Saakashvili was once lauded as the champion of a post-Soviet democracy
Mikheil Saakashvili appears less flustered than the man filmed last year being shielded by his minders on a Gori street as Russian fighter jets flew overhead.
That was at the height of the five-day war with Russia, a conflict disastrous for the Georgian president's country and, arguably, one which did little for his image.
The beginnings of the war are still disputed, but what is known is that Mr Saakashvili's attempt to retake control of the breakaway region of South Ossetia by force on 7 August 2008 was met with a heavy response by the Russian military.
"It was the worst time for a small country to get attacked, just on the first day of the Olympics, just when no one cares what happened here," he said in an exclusive interview with the BBC.
But some analysts believe the war made the West change its opinion of Mr Saakashvili, once lauded by Western states as the champion of a young post-Soviet democracy.
"Definitely the West has lost patience with Saakashvili," said Tom de Waal, research associate at the London-based think tank Conciliation Resources.
"It has been a huge turnaround. He was once feted in European and Western capitals. [Several] months ago when he turned up at a security seminar, some people were actually avoiding him."
But, he argues, it is too soon to write Mr Saakashvili's political obituary.
"He was over-praised before," said Mr de Waal. "Now he is being over-condemned."
Aside from Mr Saakashvili's international reputation, most analysts agree the war had an impact on Georgia's global standing, and certainly the speed with which Georgia will gain promised membership of Nato.
Our president has made a number of mistakes, but we cannot blame him for all our troubles
"I think over the next few years even the more enthusiastic supporters of Nato membership here are going to realise that [Nato membership] is not going to happen," said Lawrence Sheets, Caucasus programme director for the International Crisis Group.
Mr Saakashvili said of the prospect of joining the alliance: "It has always been a long-term process. We were under no illusions about that."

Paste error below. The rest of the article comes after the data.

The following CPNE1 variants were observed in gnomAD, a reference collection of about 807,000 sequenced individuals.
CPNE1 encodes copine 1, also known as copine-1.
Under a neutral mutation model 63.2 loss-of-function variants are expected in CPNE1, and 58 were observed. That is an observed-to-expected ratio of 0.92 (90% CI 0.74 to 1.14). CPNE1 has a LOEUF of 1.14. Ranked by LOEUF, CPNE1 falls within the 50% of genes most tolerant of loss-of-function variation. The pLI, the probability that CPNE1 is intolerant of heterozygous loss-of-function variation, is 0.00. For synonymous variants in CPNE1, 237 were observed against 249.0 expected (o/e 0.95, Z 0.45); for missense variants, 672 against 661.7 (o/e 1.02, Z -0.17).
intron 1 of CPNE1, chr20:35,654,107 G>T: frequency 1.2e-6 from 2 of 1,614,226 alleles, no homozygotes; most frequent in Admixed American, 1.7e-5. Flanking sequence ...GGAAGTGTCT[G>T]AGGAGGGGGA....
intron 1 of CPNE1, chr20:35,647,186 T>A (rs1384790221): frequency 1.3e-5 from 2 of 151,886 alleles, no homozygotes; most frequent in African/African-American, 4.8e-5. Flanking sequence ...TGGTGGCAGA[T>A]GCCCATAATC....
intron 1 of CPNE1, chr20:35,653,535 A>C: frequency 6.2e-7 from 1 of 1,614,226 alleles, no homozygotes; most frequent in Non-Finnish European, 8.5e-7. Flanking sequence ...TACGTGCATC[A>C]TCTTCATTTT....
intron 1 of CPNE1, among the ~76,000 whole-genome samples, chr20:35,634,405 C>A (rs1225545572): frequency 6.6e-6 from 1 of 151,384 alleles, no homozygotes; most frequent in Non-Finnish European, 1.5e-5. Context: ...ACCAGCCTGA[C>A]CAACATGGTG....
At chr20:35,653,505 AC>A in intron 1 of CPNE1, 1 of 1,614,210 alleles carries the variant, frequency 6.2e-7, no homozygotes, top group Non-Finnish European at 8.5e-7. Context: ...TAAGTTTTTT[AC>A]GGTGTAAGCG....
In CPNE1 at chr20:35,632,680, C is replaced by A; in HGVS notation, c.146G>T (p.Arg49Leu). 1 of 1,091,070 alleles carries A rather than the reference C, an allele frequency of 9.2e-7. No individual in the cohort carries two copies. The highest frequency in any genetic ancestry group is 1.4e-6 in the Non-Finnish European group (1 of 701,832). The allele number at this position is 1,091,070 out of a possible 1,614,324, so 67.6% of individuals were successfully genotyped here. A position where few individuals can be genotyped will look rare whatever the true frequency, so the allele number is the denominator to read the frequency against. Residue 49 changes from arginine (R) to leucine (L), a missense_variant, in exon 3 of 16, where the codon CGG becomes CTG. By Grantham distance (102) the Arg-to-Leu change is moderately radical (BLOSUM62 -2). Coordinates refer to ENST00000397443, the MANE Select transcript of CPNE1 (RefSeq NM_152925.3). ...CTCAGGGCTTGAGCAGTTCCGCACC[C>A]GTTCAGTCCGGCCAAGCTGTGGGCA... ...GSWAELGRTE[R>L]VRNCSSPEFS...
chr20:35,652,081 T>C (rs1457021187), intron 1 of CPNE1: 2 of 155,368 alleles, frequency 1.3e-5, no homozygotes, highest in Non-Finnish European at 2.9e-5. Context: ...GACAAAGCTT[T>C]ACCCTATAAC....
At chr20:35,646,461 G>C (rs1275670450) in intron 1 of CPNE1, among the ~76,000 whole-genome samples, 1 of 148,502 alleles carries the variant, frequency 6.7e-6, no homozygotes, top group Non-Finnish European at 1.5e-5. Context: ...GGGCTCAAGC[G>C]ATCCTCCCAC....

He expressed disappointment that the West had not done more to alleviate Georgia's humanitarian crisis a year ago, "no matter what would be the practical considerations".
"Certainly that would have been for me, so far, the biggest source of a certain level of deception."
While Georgia's effective loss of territory was damaging for the country's international standing, it has not, perhaps, turned out to be the political disaster many in Georgia were predicting earlier this year.
In April 2009, thousands of opposition supporters took to the streets calling for the Georgian president to resign. But their protests failed to bring about the early elections they so desired. Mr Saakashvili is still in power.
Abiding tensions mean the boundary between Georgia and the breakaway region of South Ossetia has been closed
"I love Misha," said Nora, 47, who lives in the village of Dzria, close to the South Ossetian boundary. "He protected us, he would protect us again."
But Marika, a Tbilisi resident, appeared to speak for many when she said: "Our president has made a number of mistakes, but we cannot blame him for all our troubles."
Mr Saakashvili may have escaped the most recent threat to his political establishment, but his country is still scarred economically by the crisis.
The economy is forecast to shrink by 1.5% in 2009 and GDP fell 5% in the first quarter of this year. Of the $4.5bn (£2.65bn) pledged by the international donors conference after the war, around a third has arrived.
But the crisis seems to be affecting those who now depend on that aid money - and on the state - for support.
The displaced face living in "occupied" South Ossetia or makeshift villages in Georgia
"Life was much better when we lived in our villages in South Ossetia. At least there we were able to farm our land to make a living. Now we grow just a few crops to feed ourselves," said Valeri, a resident in Tserovani.
He is one of 25,000 people still living in purpose-built homes for those displaced by last summer's conflict.
War of words
On the anniversary of war, tension between Georgia and Russia appears to have risen again, just as the international community urges calm.
In recent days the two neighbours have become locked in a war of words accusing each other of provocations and cross-border shellfire.
For his part, Mr Saakashvili - whose second, and final, term of office runs out at the beginning of 2013 - seems determined to move on.
"What will be the big success for us will be if Georgia manages to transform itself into a successful democracy with some economic success," he said.
"Then that would send a powerful message to Georgians about its miraculous survival."
He seemed in a resurgent mood, perhaps hopeful that this might rub off on the rest of the country, one year after the war.
This page is best viewed in an up-to-date web browser with style sheets (CSS) enabled. While you will be able to view the content of this page in your current browser, you will not be able to get the full visual experience. Please consider upgrading your browser software or enabling style sheets (CSS) if you are able to do so.